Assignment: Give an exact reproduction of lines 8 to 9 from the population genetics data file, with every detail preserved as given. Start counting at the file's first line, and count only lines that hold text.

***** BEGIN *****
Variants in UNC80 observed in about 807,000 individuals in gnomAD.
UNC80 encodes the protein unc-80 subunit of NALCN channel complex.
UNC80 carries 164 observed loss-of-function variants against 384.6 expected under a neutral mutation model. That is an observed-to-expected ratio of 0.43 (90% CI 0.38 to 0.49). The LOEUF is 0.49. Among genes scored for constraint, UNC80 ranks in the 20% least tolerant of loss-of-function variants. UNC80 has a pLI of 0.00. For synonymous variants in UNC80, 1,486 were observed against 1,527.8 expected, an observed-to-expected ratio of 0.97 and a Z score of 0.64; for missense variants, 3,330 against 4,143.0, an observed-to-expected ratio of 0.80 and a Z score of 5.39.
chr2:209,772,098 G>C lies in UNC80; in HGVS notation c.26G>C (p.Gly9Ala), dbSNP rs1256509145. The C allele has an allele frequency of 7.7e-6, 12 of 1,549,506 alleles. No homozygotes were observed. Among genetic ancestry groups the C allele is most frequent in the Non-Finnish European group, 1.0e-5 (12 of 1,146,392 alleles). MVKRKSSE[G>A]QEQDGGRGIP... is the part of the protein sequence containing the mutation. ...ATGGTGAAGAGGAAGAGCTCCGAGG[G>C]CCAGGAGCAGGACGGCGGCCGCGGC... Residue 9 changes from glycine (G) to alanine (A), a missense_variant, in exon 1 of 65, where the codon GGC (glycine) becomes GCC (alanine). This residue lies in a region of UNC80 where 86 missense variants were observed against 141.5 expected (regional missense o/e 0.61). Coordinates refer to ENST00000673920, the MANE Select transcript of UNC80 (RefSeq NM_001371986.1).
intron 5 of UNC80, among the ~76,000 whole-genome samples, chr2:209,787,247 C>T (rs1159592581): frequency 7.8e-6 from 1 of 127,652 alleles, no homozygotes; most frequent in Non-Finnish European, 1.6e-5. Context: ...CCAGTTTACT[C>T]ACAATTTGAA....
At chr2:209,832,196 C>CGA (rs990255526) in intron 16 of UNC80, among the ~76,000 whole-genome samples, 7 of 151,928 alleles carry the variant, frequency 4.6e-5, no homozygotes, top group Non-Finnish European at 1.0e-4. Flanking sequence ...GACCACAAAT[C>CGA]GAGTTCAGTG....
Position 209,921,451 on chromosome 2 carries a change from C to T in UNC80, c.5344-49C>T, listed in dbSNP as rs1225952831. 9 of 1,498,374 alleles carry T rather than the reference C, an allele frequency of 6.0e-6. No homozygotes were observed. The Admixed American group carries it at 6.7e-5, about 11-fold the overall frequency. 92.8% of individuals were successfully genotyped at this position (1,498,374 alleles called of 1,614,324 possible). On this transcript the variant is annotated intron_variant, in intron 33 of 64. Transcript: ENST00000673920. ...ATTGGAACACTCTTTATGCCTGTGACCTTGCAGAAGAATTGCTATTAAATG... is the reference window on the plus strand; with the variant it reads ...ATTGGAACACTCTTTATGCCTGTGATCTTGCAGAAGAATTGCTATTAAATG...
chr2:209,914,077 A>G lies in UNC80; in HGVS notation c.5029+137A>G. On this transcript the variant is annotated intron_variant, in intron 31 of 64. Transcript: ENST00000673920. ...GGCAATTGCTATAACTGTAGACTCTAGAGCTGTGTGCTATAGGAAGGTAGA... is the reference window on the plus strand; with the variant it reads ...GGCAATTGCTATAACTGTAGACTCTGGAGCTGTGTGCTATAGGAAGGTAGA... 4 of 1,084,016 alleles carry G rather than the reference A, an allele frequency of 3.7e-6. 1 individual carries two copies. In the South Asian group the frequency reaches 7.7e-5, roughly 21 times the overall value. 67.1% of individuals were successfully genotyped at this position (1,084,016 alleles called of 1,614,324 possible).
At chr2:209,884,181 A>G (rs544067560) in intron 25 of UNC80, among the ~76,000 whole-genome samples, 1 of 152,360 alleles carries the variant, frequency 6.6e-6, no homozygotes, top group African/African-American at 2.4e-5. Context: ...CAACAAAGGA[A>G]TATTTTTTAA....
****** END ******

chr2:209,914,077 A>G lies in UNC80; in HGVS notation c.5029+137A>G. On this transcript the variant is annotated intron_variant, in intron 31 of 64. Transcript: ENST00000673920. ...GGCAATTGCTATAACTGTAGACTCTAGAGCTGTGTGCTATAGGAAGGTAGA... is the reference window on the plus strand; with the variant it reads ...GGCAATTGCTATAACTGTAGACTCTGGAGCTGTGTGCTATAGGAAGGTAGA... 4 of 1,084,016 alleles carry G rather than the reference A, an allele frequency of 3.7e-6. 1 individual carries two copies. In the South Asian group the frequency reaches 7.7e-5, roughly 21 times the overall value. 67.1% of individuals were successfully genotyped at this position (1,084,016 alleles called of 1,614,324 possible).
At chr2:209,884,181 A>G (rs544067560) in intron 25 of UNC80, among the ~76,000 whole-genome samples, 1 of 152,360 alleles carries the variant, frequency 6.6e-6, no homozygotes, top group African/African-American at 2.4e-5. Context: ...CAACAAAGGA[A>G]TATTTTTTAA....